Has consideration been made to hook this, so that nonces can be included within security plugins (such as Ninjafirewall) which set a full CSP? Adding the header with just the script-src element as per the example plugin would be overwritten if a subsequent csp is defined in a second header.

#14 @giuse
15 months ago

How is it possible to include nonces for inline scripts? I haven't found any filter to do that. Is it possible with the current WordPress version? If not so, it would be great if WordPress gives the possibility to filter the output of <script type="text/javascript"> for inline scripts.

#15 @jadeddragoon
13 months ago

Doesn't this "solution" completely undermine CSP? If an attacker successfully injects script into a page won't the filter helpfully add a nonce to it? At that point why not just disable CSP entirely?

#16 follow-up: @giuse
13 months ago

I suppose you mean if an attacker is able to injects a script using a WordPress function as wp_add_inline_script. In that case no CSP can help, if an attacker was able to do that, he can do what he wants. Or what do you mean? Of course the filter has to work only if the scripts are introduced by a WordPress function, in no other cases.

#17 in reply to: ↑ 16 @jadeddragoon
13 months ago

Replying to giuse:

In that case no CSP can help, if an attacker was able to do that, he can do what he wants.

??? That's exactly the kind of case CSP is meant to stop. Why wouldn't it help?

If you mean that, at that point, an attacker could introduce their own CSP policy via <meta http-equiv="Content-Security-Policy" then this, while true, has no bearing here. As per the current CSP documentation here the most restrictive policy for a given directive "wins". This is because all policies are enforced and any use of feature matching a directive must pass all defined policies.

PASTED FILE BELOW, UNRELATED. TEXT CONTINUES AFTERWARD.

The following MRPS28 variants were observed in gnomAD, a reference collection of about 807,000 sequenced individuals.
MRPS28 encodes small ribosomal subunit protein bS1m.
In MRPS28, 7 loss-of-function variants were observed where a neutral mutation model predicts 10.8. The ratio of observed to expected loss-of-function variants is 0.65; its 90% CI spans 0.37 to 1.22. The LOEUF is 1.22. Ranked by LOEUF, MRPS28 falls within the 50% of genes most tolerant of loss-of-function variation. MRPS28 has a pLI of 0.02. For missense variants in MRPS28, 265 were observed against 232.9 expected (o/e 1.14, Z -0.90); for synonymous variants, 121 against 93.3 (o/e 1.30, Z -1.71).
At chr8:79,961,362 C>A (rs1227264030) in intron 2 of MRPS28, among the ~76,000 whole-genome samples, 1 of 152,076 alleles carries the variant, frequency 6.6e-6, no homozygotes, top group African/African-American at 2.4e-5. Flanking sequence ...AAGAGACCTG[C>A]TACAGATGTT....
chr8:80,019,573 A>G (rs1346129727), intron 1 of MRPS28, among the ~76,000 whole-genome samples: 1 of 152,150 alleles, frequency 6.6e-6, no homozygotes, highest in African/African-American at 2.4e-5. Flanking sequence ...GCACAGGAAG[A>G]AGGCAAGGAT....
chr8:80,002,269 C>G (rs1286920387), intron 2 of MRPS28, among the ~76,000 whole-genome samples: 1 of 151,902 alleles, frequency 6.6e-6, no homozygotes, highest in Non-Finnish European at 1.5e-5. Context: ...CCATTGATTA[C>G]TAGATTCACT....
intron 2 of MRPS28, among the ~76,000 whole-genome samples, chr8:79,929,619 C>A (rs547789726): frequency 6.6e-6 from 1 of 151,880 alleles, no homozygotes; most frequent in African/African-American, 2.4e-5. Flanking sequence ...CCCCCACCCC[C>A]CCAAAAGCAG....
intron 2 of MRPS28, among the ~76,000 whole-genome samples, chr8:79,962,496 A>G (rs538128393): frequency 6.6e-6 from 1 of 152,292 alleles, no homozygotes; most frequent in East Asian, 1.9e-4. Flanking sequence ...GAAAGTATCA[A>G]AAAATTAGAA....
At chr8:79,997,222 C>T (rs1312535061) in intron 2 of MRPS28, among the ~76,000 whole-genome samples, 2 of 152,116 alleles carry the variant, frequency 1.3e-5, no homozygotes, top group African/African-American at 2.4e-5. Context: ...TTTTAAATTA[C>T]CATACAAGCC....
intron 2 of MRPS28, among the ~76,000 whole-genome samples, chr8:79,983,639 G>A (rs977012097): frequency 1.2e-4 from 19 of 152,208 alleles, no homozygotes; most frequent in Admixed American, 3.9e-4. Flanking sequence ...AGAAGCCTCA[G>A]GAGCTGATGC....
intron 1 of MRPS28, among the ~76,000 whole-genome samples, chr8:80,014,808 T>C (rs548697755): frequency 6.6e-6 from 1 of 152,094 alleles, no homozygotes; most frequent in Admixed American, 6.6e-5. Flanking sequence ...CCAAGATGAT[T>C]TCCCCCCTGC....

So if I configure a strong CSP header that doesn't allow inline scripts and styles and lists no nonces or hashes and then an attacker manages to inject a CSP of his own via meta tags with unsafe-inline (or a hash... or a nonce) for the injected code... his code still won't run. It will pass the policy he injected but fail the original policy... and it must pass all policies.

Last edited 13 months ago by jadeddragoon (previous) (diff)

#18 @johnbillion
10 months ago

  • Milestone changed from 5.0 to 5.1

#19 @swissspidy
9 months ago

#45531 was marked as a duplicate.

#20 @pento
7 months ago

  • Milestone changed from 5.1 to 5.2

#21 @alternativehosting
6 months ago

+1

Really need this to properly lock down my site.

#22 @desrosj
5 months ago

  • Keywords has-patch needs-refresh added
  • Milestone changed from 5.2 to 5.3

@johnbillion are you still interested in shepherding this one?

Since we are a little less than 2 days away from 5.2 beta 1 and this has not seen progress in several months, I am going to punt.

#23 @johnbillion
5 months ago

Yep I'll see if I can pick this up for 5.3.

#24 follow-up: @jadeddragoon
5 months ago

I really must re-iterate that this appears to be an end-run around CSP. It will not make WP sites more secure and, arguably, will make them less secure by giving site operators and visitors a false sense of security. WP should be made compliant with strong CSP policies... not try to defeat them.

Blocking "unsafe-inline" javascript via CSP exists explicitly to close one common vector attackers use to inject malicious code into a page by making sure any code that might be have been injected never gets executed by client browsers. The CSP is (when done correctly) set in the httpd... independent of the site code. It is enforced by the client browser. What this patch does is allow this vulnerability to remain open on wordpress sites without users being made aware of it by tricking the client browser into believing the code has been validated by the site operator when it has not.

Last edited 5 months ago by jadeddragoon (previous) (diff)

#25 in reply to: ↑ 24 ; follow-up: @jrchamp
5 months ago

Replying to jadeddragoon:

The CSP is (when done correctly) set in the httpd... independent of the site code.

Only the application itself will know the elements that need to be allowed, so only the application can accurately set the CSP. The best strict CSP example uses strict-dynamic and a random nonce which must be provided to each permitted script tag embedded in the page. This allows the browser to differentiate between the scripts that were sent by the server and those that were injected via strings.

#26 in reply to: ↑ 25 @jadeddragoon
5 months ago

Replying to jrchamp:

Replying to jadeddragoon:

The CSP is (when done correctly) set in the httpd... independent of the site code.

Only the application itself will know the elements that need to be allowed,

If you don't use inline javascript at all, then you will know exactly which elements need nonces: none of them. And if the javascript is inline but static then you can configure the CSP to use checksums at deploy time instead.